Patra S. Et al. (2008) In their study reported that Seventy-four percent reported at least one morbidity and Common problems reported were: weakness, lower abdominal pain, perineal pain, abnormal vaginal discharge, high fever, breast problems, excessive vaginal bleeding, etc. (14) In a study by Bruce FC et al. (2008), prevalence and type of morbidity varied by pregnancy outcome, overall, 50% of women had at least one complication. The most common complications were anaemia (9.3%), urinary tract infections (9.0%), mental health conditions (9.0%), hypertensive disorders (8.5%), and pelvic and perineal trauma (7.0%) (15)
In a study conducted by Patra S et al (2008) there was greater morbidity among women of lower socioeconomic status, (14) In a study of Koki Gilbert et al. (2010), they stated that due to a low socioeconomic status of woman, the risk of dying compared to their rich counterparts is high. (16) Similar findings were also observed by G. Rama Padma (2004), that the educational level of woman showed an inverse relation with Maternal Morbidity. Similar findings were observed in another study conducted in slum areas of Dhaka, Bangladesh, There were no significant differences in serious delivery-related complications between those who delivered at home and those delivered at elected facility. There was no significant difference in postpartum morbidity caused by delivery location (p = 0.58).The study conducted (Jean, 2008) in slum of Nairobi, women who delivered at a health facility indicated that more than 75% of women who delivered at appropriate facilities had at least one complication during delivery compared with about 66% among those who delivered at inappropriate facilities (p < 0.01). (17) Similar findings were also found in a study conducted by Patra S. et al. (2008) that Maternal Morbidity was higher amongst the women with birth interval <3 years. (14) In study conducted by Agustin et al. (2000), Women conceiving 6 months after a previous birth, or with an estimated birth interval of 14 months, had a 2.5 increased risk of maternal death and 70 percent increased risk of third trimester bleeding and premature rupture of membranes (compared to women with 2.5 – 3 years between births). (18) A study of Patra S. (2008) had also similar findings that there was greater morbidity among women who had parity >4. (14) In a study conducted by Agarwal and Sidhharth (2010), women who had knowledge regarding 1-2 danger signs were 0.87 times more likely to report the Maternal Morbidity while who had knowledge of >3 danger signs were 1.62 times more likely to report the morbidity. (10)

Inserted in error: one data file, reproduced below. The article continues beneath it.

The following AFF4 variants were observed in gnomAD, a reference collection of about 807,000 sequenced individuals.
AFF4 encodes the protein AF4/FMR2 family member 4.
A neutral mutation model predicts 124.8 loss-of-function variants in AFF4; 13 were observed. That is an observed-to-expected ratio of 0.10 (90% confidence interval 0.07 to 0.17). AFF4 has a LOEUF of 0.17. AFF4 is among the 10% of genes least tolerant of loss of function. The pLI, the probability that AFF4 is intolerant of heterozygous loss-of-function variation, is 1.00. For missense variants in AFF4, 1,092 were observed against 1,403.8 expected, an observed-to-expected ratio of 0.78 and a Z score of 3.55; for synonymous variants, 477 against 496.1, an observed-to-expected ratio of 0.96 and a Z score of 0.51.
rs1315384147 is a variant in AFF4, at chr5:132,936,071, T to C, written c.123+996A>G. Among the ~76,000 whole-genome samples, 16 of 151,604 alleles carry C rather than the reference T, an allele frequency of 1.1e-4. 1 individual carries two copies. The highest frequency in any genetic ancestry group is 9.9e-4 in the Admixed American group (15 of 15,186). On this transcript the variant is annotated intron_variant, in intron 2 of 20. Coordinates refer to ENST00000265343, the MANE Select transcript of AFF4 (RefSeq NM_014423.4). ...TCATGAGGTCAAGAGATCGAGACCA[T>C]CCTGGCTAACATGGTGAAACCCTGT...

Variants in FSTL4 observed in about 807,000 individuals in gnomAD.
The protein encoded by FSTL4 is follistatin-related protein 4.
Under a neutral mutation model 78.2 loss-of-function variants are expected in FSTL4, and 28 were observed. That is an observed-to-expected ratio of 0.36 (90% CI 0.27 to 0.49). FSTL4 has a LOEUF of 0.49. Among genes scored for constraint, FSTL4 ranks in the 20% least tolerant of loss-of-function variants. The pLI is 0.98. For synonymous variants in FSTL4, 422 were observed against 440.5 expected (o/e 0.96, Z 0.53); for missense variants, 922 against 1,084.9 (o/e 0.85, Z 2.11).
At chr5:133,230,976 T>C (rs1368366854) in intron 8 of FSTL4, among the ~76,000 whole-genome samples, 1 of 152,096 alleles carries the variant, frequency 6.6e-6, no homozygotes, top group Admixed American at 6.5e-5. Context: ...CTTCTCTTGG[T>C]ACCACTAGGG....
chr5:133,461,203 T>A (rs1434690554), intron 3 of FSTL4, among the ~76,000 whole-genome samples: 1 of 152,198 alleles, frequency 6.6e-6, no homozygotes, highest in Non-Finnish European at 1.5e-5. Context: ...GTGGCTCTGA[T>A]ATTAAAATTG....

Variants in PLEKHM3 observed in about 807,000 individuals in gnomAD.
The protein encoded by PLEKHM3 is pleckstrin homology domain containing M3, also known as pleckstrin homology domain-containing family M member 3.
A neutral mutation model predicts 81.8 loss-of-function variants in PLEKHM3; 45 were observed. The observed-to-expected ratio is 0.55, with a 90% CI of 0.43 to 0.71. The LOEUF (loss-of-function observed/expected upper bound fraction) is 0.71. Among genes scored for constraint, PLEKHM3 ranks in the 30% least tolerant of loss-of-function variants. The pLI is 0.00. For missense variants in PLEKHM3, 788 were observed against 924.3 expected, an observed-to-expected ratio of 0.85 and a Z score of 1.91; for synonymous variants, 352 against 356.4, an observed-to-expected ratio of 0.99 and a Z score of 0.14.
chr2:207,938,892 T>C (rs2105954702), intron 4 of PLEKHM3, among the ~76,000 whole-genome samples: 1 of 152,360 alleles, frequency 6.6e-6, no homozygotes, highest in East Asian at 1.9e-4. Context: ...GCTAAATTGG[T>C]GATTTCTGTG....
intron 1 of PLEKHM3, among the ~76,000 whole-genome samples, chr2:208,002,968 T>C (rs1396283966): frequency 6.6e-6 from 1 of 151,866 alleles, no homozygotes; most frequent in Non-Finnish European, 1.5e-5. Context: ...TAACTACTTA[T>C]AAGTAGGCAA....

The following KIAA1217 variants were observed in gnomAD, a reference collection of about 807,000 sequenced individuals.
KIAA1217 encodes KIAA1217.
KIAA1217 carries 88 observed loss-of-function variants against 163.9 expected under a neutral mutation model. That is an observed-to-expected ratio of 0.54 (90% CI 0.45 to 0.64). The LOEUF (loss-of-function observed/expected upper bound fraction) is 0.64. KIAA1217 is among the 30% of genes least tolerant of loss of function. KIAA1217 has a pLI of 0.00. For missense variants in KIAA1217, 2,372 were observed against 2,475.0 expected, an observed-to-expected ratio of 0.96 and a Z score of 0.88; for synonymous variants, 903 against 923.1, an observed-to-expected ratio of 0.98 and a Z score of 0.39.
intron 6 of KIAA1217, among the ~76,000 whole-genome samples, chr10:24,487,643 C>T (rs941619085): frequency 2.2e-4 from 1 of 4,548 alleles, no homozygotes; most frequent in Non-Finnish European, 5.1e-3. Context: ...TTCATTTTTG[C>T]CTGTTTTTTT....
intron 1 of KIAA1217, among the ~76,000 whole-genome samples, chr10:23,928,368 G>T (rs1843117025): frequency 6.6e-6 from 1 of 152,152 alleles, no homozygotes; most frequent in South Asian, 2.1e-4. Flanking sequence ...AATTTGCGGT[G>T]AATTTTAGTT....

From various observations of the study indicate that raising educational status of women, Proper Antenatal care, birth interval of >3 years, knowledge regarding danger signs of pregnancy; all of these determinants have a positive contribution in preventing Maternal Morbidity and Mortality. So strengthening of these determinants will help decrease in Maternal morbidities. Better outcome of pregnancies ultimately will lead to decrease in Maternal Mortalities as well as fall in Neonatal and Infant Mortalities.
Authors acknowledge the immense help received from the scholars whose articles are cited and included in references of this manuscript. The authors are also grateful to authors/ editors/ publishers of all those articles, journals and books from where the literature for this article has been reviewed and discussed.